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Microsoft tries a deeper dive into Azure Firewall traffic

If the flow slows, you need to know why

Microsoft is updating Azure Firewall to give admins a better idea what is happening when traffic in the cloud slows or shows atypical behavior.

The latest features – Latency Probe metric, Flow Trace logs, and Top Flows logs – have been released in preview and are aimed at improving the Azure firewall-as-a-service's ability to let admins know why the level of performance in the cloud is fluctuating, according to Shabaz Shaik, product manager II for cloud security engineering and Azure network security at Microsoft.

Azure Firewall sits between the application server and end user, keeping an eye on application traffic and ensuring security policies for the traffic are enforced, Shaik wrote. Given that Microsoft is the world's second-largest cloud service provider behind Amazon Web Services, there is a lot of traffic that runs through Azure's firewalls.

"In case of any latency or disconnection to the application, the firewall acts as a great point to look at this traffic and troubleshoot the root cause," he wrote. "Azure Firewall now offers new logging and metric enhancements designed to increase visibility and provide more insights into the traffic processed by the firewall."

A key health indicator of network health is how fast the traffic is moving so monitoring the latency is key to sussing out problems in the service, he said. The Latency Probe metric is based on Pingmesh technology, which measures and analyzes network interactions in large datacenters.

Using Pingmesh, the Latency Probe metric measures the average latency of the firewall itself – which Shaik wrote is on average about 1m/s, though it varies based on the deployment size and environment – and not the end-to-end latency of individual packets.

"If Azure Firewall is experiencing latency, it could be due to various reasons such as high CPU utilization, traffic throughput, or networking issues," Shaik wrote.

Azure Firewall also logs the various traffic types, including network, application, and threat intelligence. However, right now the logs show only the first try of a TCP connection – the SYN packet – but not the whole process. They don't see every data slug that runs through the firewall or if there are issues like packets being dropped or traffic running through asymmetric routes.

That's where Flow Trace logs come in, Shaik wrote. Asymmetric routes can be caused by errors like adding a wrong command in the firewall path. Admins can look at network logs for the first SYN packet and then enable Flow Trace to see more flags for verification, such as SYN-ACK, FIN, RST, and INVALID.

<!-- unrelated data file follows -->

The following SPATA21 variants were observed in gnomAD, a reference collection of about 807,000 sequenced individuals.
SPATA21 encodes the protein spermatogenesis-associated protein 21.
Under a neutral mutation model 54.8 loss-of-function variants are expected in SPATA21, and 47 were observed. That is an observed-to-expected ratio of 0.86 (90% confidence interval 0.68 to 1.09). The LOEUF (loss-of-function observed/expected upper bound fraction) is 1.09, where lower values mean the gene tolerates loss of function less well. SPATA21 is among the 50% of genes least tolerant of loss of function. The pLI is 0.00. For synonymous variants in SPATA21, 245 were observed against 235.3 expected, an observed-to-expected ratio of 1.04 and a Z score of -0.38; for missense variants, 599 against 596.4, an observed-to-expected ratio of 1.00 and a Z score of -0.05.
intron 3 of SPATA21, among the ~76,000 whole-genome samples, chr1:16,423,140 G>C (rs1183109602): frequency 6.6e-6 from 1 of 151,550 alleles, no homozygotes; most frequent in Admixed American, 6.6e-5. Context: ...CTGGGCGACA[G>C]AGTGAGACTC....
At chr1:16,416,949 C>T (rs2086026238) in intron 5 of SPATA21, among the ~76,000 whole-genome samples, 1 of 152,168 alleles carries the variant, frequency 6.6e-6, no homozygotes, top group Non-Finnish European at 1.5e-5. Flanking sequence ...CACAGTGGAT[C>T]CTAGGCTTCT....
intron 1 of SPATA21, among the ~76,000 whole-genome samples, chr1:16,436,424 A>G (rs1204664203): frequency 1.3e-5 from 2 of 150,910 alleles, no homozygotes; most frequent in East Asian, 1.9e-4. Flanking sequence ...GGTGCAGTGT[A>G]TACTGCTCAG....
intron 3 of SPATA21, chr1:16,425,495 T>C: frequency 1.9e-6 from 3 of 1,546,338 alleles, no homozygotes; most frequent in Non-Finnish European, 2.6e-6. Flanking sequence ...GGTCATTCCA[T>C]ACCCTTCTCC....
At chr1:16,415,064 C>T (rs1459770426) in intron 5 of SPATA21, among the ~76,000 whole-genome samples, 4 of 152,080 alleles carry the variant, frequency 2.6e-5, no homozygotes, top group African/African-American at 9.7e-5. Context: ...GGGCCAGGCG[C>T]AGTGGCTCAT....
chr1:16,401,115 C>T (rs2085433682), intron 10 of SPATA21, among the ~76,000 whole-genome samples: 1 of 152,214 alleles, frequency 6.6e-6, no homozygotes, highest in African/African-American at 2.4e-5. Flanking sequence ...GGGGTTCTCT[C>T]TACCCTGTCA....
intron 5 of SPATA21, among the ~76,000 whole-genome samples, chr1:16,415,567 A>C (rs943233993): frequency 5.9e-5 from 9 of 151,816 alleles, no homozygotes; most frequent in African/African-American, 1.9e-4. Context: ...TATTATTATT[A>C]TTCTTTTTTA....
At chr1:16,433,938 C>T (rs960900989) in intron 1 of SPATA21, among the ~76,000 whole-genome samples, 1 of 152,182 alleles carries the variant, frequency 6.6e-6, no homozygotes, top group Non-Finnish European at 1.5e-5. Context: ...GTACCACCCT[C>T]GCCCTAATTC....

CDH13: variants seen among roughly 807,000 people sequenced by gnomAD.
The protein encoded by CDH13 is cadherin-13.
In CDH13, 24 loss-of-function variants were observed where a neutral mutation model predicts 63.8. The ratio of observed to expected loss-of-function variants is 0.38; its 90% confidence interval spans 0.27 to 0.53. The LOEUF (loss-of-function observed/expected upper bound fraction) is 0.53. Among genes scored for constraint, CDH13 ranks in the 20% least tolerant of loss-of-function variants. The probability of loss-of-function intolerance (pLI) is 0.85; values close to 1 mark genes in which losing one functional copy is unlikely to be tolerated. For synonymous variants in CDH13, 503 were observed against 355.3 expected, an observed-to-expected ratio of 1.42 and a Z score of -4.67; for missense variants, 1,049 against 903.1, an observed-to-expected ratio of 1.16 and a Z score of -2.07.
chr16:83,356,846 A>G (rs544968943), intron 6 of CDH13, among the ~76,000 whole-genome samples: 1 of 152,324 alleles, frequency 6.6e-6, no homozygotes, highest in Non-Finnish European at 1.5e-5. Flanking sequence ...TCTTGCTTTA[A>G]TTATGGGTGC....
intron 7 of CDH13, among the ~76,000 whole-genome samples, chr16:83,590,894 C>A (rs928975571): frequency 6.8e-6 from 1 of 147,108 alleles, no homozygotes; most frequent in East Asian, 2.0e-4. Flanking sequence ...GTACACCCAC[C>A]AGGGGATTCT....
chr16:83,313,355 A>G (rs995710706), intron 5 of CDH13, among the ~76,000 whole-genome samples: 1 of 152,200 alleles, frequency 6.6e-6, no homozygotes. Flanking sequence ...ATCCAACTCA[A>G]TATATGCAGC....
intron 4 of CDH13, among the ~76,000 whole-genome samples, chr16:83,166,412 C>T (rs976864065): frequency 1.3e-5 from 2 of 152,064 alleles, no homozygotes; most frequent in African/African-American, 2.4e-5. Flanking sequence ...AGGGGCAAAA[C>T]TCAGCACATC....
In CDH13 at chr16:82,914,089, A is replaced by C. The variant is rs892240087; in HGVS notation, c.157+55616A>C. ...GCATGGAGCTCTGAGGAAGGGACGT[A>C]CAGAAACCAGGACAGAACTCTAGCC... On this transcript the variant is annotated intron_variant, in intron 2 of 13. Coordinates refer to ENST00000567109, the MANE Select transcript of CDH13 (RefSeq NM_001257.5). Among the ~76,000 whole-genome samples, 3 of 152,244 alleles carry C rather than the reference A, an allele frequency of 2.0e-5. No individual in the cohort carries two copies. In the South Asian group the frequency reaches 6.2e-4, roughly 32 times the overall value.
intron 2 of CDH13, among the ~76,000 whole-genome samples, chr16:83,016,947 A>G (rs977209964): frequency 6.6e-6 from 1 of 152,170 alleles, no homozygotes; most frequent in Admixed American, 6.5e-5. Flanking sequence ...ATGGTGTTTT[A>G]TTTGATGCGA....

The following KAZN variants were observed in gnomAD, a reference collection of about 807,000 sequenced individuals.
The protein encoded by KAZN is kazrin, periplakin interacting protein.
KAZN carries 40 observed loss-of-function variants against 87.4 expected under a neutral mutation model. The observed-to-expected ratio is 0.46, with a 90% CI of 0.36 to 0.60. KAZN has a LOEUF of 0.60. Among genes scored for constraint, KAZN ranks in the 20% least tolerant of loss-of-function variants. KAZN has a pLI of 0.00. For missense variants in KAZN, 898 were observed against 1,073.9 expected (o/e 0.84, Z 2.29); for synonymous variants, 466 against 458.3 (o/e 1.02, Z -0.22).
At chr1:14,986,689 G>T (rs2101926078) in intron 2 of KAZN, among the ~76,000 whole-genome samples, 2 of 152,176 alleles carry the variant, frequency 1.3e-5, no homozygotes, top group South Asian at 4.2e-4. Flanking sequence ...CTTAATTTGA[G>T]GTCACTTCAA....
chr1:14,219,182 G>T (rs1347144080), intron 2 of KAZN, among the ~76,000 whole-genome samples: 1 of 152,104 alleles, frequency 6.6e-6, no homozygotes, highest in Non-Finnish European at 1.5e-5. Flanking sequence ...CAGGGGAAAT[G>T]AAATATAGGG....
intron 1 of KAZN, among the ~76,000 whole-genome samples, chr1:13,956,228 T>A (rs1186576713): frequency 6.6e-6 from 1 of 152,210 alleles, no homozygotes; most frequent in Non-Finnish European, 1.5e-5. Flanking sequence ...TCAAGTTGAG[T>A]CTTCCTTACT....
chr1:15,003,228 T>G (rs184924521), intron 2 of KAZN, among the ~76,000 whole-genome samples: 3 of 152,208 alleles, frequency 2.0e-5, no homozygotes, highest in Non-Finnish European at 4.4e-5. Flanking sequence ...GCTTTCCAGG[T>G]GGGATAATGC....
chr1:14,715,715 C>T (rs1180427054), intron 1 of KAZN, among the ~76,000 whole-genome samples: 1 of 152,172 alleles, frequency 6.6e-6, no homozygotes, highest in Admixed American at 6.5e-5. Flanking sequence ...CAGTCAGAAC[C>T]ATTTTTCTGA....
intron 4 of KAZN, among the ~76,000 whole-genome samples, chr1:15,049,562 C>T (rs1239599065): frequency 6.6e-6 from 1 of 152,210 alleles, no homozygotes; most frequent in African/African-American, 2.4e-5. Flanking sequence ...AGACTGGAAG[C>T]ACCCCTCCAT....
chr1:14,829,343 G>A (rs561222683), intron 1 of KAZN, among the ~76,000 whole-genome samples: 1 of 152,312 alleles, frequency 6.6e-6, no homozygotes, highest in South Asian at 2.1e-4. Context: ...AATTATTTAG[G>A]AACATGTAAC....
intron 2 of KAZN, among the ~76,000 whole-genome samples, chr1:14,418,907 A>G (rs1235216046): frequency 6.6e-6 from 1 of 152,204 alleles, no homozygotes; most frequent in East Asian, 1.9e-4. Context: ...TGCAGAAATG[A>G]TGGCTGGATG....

"By adding these additional flags in Flow Trace logs, IT administrators can now see the return packet if there was a failed connection or an unrecognized packet," he wrote.

The Top Flows feature comes at this from a slightly different angle. Azure Firewall Standard can process up to 30Gb/s and Azure Firewall Premium up to 100Gb/s of network traffic. That said, the traffic flows can be bulky based on size or duration of the packets, which can have a domino effect on other traffic flows and the processing by the firewall.

The Top Flows – which also are known as Fat Flows – log can show IT admins what is driving the highest bandwidth through the firewall. The logs will identify the top traffic flows passing through the firewall and traffic-related anomalies and furnish admins with the necessary information to decide whether the traffic should be allowed or denied.

Shaik cautioned that running Top Flows can eat up a lot of CPU power, recommending that organizations use the feature for specific issues and for no longer than a week at a time.

The new Azure Firewall features come as Microsoft looks to give admins running other tools more metrics for identifying and addressing security and other problems. They follow a few days after Redmond unveiled a new dashboard to simplify accessing and analyzing threat intelligence data, giving security admins the data to make more informed security decisions. ®

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